Photography junkies have lurked around community sites like Flickr for years, but amateur video fans were always left to fend for themselves. Digital video is bandwidth-hungry -- few community sites have been keen to die the swift death that inevitably comes as an under-funded video site gains popularity. But wheel away the guillotine, things may be about to change. We've been taking a look at a new video-sharing website, YouTube, which showcases video content from crazies across the world in an accessible format.
YouTube uses a similar interface to the immensely popular photoblogging tool, Flickr. And it follows in the vein of other video-sharing sites like Putfile, Vidiac and Rocketboom. Unlike some of its contemporaries, YouTube is as flexible in its remit as Flikr -- there's no strict critera for entering your video and it's shaping up to become a massive storage vault of home-grown video content.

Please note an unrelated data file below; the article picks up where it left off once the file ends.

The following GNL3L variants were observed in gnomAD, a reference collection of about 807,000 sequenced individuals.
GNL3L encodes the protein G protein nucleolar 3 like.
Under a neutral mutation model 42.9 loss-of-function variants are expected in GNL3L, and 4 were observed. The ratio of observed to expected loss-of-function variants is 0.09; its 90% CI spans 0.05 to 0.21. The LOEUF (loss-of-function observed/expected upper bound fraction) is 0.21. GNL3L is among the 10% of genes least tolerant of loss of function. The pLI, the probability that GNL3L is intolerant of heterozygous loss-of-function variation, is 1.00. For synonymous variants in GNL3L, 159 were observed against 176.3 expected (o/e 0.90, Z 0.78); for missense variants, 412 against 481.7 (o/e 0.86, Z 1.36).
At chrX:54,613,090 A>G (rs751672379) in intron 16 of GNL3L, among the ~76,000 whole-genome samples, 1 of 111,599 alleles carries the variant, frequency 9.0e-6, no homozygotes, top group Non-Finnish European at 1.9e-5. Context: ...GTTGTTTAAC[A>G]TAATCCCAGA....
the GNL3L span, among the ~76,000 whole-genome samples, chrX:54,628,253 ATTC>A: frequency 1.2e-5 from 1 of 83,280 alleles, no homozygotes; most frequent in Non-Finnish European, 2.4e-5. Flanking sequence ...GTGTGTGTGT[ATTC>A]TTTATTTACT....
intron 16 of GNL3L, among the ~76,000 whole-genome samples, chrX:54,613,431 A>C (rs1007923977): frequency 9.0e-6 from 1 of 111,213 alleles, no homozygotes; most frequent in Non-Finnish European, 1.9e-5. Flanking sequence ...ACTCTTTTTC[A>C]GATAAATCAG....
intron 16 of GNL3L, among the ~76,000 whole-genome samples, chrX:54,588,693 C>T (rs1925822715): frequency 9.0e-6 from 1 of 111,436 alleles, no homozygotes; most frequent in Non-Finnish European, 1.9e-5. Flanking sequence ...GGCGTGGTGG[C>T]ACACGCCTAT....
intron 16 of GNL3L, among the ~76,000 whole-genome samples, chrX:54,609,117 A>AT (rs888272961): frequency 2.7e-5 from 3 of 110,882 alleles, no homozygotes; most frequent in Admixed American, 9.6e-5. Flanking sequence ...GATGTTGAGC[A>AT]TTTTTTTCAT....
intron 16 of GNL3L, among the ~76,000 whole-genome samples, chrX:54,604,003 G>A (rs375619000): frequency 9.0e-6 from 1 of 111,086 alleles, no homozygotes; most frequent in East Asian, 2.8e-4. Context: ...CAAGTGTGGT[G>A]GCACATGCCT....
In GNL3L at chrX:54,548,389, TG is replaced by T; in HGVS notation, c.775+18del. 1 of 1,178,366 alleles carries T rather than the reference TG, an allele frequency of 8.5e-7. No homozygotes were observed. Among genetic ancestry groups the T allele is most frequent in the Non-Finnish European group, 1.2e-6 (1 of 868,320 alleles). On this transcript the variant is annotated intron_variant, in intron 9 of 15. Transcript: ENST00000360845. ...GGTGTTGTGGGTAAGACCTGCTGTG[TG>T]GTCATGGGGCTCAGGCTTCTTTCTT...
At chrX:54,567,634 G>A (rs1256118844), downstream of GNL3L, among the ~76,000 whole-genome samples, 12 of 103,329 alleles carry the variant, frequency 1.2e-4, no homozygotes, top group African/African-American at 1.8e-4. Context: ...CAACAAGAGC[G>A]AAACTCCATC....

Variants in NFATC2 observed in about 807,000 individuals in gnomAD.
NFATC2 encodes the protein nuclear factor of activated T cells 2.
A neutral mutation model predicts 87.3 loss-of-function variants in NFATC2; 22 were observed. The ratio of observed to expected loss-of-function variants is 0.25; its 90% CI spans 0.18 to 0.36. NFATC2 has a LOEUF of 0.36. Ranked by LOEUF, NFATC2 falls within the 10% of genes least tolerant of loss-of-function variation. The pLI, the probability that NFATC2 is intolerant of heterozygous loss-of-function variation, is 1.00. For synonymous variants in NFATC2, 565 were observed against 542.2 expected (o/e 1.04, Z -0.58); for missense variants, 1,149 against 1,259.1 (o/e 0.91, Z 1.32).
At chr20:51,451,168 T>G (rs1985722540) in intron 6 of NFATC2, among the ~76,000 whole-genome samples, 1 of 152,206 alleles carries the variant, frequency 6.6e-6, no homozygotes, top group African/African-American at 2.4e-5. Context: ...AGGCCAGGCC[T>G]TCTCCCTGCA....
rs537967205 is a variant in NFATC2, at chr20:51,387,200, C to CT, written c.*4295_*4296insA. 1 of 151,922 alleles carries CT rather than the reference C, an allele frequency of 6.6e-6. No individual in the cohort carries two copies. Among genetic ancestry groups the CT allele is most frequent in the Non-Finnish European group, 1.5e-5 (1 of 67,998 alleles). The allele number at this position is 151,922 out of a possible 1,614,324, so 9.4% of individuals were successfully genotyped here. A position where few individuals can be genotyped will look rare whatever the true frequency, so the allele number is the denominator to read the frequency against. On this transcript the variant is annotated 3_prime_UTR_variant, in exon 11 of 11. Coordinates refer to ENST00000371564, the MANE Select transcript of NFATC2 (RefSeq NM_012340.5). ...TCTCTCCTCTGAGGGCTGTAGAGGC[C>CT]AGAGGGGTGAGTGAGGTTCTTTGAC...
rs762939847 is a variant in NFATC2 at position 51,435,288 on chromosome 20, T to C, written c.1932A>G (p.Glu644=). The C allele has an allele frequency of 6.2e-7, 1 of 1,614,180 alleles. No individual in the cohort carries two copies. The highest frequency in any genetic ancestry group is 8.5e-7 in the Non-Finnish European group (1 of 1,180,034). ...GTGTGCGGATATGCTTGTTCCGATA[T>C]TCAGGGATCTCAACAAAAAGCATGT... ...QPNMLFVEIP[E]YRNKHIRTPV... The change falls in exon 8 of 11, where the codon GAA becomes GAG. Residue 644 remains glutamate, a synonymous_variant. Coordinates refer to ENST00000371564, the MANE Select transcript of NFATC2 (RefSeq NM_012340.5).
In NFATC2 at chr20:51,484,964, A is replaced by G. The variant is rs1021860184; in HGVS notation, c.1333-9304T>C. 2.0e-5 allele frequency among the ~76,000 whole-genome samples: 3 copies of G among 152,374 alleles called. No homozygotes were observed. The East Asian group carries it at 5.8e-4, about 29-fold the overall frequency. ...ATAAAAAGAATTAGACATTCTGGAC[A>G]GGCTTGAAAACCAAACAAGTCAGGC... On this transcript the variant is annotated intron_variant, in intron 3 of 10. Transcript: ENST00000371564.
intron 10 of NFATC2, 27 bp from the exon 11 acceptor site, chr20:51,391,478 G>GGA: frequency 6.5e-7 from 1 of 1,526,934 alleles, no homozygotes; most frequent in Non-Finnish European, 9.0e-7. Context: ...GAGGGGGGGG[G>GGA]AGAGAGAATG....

As photoblogging makes its lumbering transition into the mainstream, it may be personal newsgathering that attracts the largest audiences for new sites. Already YouTube hosts bystander video from the crash of Air France 358 in Toronto. As we become increasingly tooled up with the latest video gadgets, the demand for a forum to distribute our videos should explode -- YouTube may be the first of many similar sites to fight it out over the next year. We haven't been able to track down whether Chad Hurley, the company's founder, has the acumen or funding to make this a real business: if you're out there, Chad, we'd love to hear from you. But in the meantime, get your camera-phones ready! -CS